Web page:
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Davis v. Davis

April 6, 2010

D. LUKE DAVIS, PLAINTIFF AND APPELLANT
v.
PAMELA GORDON DAVIS, DEFENDANT AND APPELLEE



Appeal from the District Court of Grand Forks County, Northeast Central Judicial District, the Honorable Joel D. Medd, Judge.

The opinion of the court was delivered by: Sandstrom, Justice.

REVERSED.

[¶1] D. Luke Davis appeals from a judgment dismissing his action against Pamela Gordon Davis to recover an overpayment of child support. Because the Child Support Guidelines mandate that D. Luke Davis be reimbursed for his overpayment of child support under the circumstances, we reverse.

I.

[¶2] D. Luke Davis and Pamela Gordon Davis divorced in February 1997. Under the terms of the divorce judgment, Pamela Gordon Davis was awarded custody of the couple's two children, and D. Luke Davis was ordered to pay a total of $425 per month in child support for both children. From January 2004 through February 2007, D. Luke Davis made child support payments totaling $15,727.97 through the Grand Forks Regional Child Support Unit.

[¶3] As the result of a work-related injury, D. Luke Davis applied for and received disability benefits under the federal Social Security Act. Under 42 U.S.C. § 402 of the Social Security Act, a child of an individual found to be disabled is eligible for additional monthly benefits. Pamela Gordon Davis applied for those benefits on behalf of the children, and in December 2006, each child began receiving $330 per month. In March 2007, the Social Security Administration also paid each child $11,791, for a total lump sum payment of $23,582, for back pay from January 2004 through March 2007. On March 30, 2007, Pamela Gordon Davis created two separate $10,000 certificates of deposit for the children as the custodian under the state Uniform Transfers to Minors Act, N.D.C.C. ch. 47-24.1. In April 2007, Pamela Gordon Davis provided written verification to the Grand Forks Regional Child Support Unit of the children's receipt of the social security payments.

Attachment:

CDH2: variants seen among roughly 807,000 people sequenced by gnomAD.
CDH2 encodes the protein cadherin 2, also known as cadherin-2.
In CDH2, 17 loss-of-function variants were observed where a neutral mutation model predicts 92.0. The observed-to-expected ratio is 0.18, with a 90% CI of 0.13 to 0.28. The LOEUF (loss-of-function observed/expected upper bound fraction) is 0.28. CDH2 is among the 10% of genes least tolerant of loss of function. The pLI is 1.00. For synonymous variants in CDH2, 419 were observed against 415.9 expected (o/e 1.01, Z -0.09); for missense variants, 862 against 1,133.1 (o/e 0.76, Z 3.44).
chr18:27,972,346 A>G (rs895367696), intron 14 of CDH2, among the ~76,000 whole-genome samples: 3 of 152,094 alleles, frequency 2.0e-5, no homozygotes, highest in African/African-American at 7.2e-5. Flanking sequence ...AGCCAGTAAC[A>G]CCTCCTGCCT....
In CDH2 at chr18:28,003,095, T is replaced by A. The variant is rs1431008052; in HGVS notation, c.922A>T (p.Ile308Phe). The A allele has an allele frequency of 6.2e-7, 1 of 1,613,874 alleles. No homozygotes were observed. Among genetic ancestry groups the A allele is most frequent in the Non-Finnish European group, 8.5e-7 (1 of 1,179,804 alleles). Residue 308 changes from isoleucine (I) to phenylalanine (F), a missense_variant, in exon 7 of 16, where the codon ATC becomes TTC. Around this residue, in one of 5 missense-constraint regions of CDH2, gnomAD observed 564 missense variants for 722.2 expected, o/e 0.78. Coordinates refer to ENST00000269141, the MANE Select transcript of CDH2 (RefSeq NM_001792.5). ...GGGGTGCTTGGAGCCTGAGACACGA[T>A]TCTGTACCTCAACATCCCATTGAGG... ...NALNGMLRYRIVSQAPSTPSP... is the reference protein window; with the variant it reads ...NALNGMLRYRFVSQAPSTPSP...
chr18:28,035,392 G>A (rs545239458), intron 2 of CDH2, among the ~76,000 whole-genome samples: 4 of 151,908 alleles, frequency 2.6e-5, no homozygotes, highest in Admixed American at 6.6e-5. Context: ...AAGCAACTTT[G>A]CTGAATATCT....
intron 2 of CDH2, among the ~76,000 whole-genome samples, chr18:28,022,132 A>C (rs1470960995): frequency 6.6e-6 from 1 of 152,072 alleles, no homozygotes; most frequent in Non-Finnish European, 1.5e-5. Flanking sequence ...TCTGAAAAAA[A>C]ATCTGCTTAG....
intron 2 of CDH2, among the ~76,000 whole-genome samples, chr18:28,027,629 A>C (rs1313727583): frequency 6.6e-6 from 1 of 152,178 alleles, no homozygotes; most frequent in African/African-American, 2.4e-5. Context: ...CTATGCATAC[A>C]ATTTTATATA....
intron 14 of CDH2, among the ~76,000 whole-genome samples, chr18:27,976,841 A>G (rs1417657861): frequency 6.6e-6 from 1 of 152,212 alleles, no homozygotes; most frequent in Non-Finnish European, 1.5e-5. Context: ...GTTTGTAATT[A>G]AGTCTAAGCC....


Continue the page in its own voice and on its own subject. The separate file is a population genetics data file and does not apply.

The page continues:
[¶4] In February 2008, D. Luke Davis brought this action against Pamela Gordon Davis to recover the child support payments he had made from January 2004 through February 2007, plus interest, alleging those payments constituted an overpayment of his child support obligation after the children's social security benefits were received and credited as child support under N.D. Admin. Code § 75-02-04.1-02(11). During an evidentiary hearing, Pamela Gordon Davis testified $8,000 from the lump sum payment had been used to pay for one child's college tuition. D. Luke Davis testified the child support payments he had made "were not a gift, but under duress made by me." The district court dismissed the action. Relying on caselaw from other jurisdictions, the court concluded Pamela Gordon Davis was not required to reimburse D. Luke Davis because the child support payments from January 2004 through March 2007 "were for the immediate benefit of the supported children," the "lump sum disability payments for the children were for their benefit," and those funds "are being used for the children's benefit."